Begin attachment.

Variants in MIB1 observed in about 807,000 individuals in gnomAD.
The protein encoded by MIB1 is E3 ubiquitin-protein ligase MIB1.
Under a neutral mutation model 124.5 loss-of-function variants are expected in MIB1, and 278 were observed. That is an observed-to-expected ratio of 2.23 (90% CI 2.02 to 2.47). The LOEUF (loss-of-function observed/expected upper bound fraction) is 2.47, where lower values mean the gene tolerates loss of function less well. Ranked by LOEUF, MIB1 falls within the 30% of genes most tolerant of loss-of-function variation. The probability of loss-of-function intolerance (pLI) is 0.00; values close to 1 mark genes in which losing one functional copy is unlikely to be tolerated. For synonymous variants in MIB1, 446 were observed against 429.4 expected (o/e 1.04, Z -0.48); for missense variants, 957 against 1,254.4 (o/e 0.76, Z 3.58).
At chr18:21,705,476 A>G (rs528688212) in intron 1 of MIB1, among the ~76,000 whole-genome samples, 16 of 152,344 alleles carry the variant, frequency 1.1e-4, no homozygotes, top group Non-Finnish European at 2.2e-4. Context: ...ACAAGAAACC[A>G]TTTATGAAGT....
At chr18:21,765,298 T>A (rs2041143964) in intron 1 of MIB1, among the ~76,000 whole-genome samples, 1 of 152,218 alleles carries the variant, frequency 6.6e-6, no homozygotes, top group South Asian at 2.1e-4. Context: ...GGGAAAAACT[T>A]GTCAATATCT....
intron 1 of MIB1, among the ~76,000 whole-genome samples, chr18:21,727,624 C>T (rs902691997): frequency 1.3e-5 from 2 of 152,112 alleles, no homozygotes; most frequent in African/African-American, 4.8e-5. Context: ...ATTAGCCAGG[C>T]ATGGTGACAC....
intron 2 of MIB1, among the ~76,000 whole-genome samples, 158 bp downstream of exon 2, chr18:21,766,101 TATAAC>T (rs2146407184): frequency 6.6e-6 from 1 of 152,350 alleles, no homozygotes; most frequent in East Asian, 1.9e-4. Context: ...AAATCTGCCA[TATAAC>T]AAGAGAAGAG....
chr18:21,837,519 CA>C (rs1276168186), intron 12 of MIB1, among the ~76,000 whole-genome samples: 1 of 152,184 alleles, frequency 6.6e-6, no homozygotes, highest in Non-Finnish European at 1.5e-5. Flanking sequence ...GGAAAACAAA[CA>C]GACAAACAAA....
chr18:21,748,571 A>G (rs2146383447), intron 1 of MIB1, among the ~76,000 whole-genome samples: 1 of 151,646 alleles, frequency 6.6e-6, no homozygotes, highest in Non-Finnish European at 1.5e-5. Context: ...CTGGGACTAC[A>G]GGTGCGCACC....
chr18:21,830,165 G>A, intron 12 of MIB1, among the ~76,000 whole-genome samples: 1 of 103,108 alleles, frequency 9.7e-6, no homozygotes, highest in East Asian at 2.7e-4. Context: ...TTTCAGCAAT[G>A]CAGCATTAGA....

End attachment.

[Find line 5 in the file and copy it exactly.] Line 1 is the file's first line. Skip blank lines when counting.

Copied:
At chr18:21,765,298 T>A (rs2041143964) in intron 1 of MIB1, among the ~76,000 whole-genome samples, 1 of 152,218 alleles carries the variant, frequency 6.6e-6, no homozygotes, top group South Asian at 2.1e-4. Context: ...GGGAAAAACT[T>A]GTCAATATCT....